China Environmental News Digest

Daily updated Environmental news related to China

Sunday, April 22, 2007

Digging deeper for cleaner water

By Guo Qiang (chinadaily.com.cn)

Updated: 2007-04-20 10:43

China's water pollution scares have led to well-digging businesses very busy as thousands of villagers resorted to digging120-metre-deep wells to reach cleaning drinking water, news reports said on Thursday.

And residents in Hebei province in northern China have to dig as deep as 200 metres, as shallower wells are too polluted for human consumption.

"Ten years ago, villagers dug some 20, or 30-metre-deep wells for drinking water and it cost several hundred yuan each. But water from 50-metre-deep wells are not drinkable due to pollution," an unnamed village head told the Yanzhao Metropolitan News.

"We have to drill at least 120-metre-deep wells and it costs each family 2,000 yuan (US$260) on average, which almost wipes out their annual incomes," the village head said.

Farmers' annual incomes in Hebei province, 50 miles north of Beijing was on average 3,800 yuan (US$494) in 2006.

The report added villages of Wurenqiao, Cuizhang and Nanloudi in Anguo county are the most hit by the lack of drinking water. Locals sell their grain and buy grain from other parts of China they don't believe is as polluted as theirs.

Pictures from the Yanzhao Metropolitan News show green water pumped from wells used to irrigate farmland in the county.

A villager said the priority is to look after their own health, not others. "Water pollution forces us to do that."

China is paying the price for its annual double-digit growth with severe environmental problems, including water pollution. Last week, Xinhua news agency said the country's Yangtze River, a lifeline for millions of people is now seriously and irreversibly polluted.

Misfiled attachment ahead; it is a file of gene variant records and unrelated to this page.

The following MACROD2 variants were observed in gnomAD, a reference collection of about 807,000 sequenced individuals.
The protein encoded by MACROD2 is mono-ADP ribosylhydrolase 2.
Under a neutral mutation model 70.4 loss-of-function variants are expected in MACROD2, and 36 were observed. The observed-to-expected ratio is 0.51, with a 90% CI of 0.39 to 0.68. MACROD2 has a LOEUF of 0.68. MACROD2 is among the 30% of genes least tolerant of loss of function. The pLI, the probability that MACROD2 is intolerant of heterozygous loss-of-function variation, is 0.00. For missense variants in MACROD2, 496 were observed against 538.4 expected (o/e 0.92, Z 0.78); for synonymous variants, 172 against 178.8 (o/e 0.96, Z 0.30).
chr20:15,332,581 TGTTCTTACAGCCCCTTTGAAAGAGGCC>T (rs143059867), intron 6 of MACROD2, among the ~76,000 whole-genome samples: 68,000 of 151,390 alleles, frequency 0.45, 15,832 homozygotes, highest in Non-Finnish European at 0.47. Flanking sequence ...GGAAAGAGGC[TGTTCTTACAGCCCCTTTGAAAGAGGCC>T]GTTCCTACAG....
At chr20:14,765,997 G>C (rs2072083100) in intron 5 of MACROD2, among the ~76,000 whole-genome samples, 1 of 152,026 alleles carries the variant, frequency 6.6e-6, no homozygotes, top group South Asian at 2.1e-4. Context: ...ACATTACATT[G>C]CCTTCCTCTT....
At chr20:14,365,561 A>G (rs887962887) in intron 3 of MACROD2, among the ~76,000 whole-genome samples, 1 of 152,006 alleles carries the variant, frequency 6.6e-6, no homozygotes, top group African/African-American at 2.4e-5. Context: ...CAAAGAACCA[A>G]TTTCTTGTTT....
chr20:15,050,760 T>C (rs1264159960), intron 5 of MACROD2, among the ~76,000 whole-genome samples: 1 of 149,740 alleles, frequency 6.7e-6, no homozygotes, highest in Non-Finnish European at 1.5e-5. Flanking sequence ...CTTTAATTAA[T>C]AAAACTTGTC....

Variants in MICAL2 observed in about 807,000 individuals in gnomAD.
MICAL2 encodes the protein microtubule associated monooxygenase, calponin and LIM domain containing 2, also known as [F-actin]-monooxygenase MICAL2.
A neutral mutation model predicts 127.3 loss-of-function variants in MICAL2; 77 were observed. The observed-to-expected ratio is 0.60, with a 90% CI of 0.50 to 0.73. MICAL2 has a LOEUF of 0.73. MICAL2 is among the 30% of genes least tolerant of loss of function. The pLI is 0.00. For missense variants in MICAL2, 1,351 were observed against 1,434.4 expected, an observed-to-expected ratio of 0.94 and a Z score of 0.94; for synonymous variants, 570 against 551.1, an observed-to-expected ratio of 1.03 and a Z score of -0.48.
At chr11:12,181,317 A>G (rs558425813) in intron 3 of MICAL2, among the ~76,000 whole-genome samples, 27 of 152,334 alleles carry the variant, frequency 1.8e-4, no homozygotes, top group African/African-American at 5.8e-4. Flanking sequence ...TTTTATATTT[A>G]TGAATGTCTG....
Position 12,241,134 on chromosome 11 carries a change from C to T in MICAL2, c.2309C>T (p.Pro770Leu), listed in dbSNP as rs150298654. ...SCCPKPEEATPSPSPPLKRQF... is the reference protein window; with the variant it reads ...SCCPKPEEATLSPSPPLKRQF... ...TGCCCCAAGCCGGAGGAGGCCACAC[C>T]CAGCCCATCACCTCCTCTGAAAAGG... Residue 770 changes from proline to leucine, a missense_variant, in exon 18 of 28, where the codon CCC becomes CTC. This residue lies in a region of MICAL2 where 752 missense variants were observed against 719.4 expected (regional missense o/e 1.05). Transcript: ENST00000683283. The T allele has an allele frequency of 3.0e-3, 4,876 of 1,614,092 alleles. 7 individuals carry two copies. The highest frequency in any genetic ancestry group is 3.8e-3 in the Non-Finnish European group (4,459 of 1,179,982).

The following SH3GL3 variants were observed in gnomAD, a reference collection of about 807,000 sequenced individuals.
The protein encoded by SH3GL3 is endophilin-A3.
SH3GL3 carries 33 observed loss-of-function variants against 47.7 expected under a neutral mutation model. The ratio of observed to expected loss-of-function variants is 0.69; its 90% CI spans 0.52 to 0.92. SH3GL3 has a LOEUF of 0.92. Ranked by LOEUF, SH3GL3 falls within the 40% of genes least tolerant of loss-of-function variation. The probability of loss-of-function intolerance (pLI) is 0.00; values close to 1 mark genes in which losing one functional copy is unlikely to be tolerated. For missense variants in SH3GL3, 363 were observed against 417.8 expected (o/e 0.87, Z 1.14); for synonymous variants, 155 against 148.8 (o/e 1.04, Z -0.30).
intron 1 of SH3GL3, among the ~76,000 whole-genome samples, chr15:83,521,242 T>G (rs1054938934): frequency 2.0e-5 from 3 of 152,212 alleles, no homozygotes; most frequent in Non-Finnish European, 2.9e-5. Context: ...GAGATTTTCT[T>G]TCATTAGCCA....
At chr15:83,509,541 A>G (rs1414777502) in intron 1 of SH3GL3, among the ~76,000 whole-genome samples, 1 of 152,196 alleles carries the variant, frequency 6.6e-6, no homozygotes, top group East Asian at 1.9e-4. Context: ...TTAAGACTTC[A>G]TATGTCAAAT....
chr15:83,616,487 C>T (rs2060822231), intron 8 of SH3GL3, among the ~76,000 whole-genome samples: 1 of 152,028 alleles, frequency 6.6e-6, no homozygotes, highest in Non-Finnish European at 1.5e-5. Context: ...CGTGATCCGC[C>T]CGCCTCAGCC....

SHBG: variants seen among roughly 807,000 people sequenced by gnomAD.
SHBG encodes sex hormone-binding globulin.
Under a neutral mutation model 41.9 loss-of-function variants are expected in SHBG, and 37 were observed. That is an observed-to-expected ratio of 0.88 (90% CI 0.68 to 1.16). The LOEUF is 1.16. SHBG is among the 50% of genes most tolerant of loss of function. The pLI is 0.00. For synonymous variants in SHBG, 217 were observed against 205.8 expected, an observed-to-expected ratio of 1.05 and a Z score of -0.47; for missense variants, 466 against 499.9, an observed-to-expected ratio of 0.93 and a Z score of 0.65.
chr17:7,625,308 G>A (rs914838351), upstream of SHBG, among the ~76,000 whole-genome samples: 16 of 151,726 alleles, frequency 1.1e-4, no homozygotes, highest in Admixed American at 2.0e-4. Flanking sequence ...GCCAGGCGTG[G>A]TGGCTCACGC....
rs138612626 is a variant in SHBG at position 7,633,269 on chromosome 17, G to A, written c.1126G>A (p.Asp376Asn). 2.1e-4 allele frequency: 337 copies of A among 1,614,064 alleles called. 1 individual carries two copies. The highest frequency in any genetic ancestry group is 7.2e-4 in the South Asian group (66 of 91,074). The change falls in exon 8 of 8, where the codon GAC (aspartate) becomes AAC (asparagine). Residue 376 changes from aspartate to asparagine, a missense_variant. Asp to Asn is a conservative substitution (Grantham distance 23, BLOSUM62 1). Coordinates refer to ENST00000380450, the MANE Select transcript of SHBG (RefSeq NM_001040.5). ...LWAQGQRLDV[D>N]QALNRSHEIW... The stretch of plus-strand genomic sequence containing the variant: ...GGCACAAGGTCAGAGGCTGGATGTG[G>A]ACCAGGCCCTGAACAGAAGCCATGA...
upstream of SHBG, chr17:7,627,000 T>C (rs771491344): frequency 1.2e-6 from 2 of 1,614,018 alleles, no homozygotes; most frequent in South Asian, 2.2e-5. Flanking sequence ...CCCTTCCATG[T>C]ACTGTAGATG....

And the numbers are frightening. Reports said some 90 per cent of China's cities and 75 per cent of its lakes suffer from varying degrees of water pollution. This is because millions of households and industries discharge waste and sewage into its major waterways and rivers.

Chinese Premier Wen Jiabao has admitted his country does not have a solution to the water pollution problem.

"Environmental pollution has definitely become a severe problem of China's development and this problem has not been solved very well", Wen said during a press conference last year.

The government is adding an environmentally adjusted gross domestic product (GDP) to demonstrate the waste created and environmental damage done due to economic growth.

In a move to deal with the water scares, the government is pledging to pour 30 million yuan into water treatment projects last year. And every family in China is required to pay sewage treatment fees. The amounts vary in China but each family pays on average 80 fen for every cubic metre of sewage.

Qiu Baoxing, the vice Minister of Construction said the reason behind the policy is to raise the awareness of water protection and to fund water treatment projects.

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